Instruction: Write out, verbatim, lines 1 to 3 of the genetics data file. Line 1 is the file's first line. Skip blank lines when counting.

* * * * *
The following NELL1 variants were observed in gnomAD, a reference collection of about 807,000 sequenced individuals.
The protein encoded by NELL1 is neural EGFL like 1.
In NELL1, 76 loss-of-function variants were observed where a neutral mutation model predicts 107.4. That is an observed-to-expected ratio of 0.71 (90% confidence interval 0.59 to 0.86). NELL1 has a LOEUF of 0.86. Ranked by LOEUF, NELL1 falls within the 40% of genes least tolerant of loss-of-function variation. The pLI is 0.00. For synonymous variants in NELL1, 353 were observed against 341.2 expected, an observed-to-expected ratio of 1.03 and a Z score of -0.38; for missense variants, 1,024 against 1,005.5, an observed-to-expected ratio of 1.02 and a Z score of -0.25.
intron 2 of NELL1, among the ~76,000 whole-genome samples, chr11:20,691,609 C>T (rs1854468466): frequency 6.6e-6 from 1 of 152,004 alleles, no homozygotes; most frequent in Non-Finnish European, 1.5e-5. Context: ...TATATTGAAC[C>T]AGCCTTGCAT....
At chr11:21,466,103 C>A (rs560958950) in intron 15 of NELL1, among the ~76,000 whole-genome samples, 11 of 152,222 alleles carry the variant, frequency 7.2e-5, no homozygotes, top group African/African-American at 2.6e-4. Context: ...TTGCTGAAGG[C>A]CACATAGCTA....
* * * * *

The following NELL1 variants were observed in gnomAD, a reference collection of about 807,000 sequenced individuals.
The protein encoded by NELL1 is neural EGFL like 1.
In NELL1, 76 loss-of-function variants were observed where a neutral mutation model predicts 107.4. That is an observed-to-expected ratio of 0.71 (90% confidence interval 0.59 to 0.86). NELL1 has a LOEUF of 0.86. Ranked by LOEUF, NELL1 falls within the 40% of genes least tolerant of loss-of-function variation. The pLI is 0.00. For synonymous variants in NELL1, 353 were observed against 341.2 expected, an observed-to-expected ratio of 1.03 and a Z score of -0.38; for missense variants, 1,024 against 1,005.5, an observed-to-expected ratio of 1.02 and a Z score of -0.25.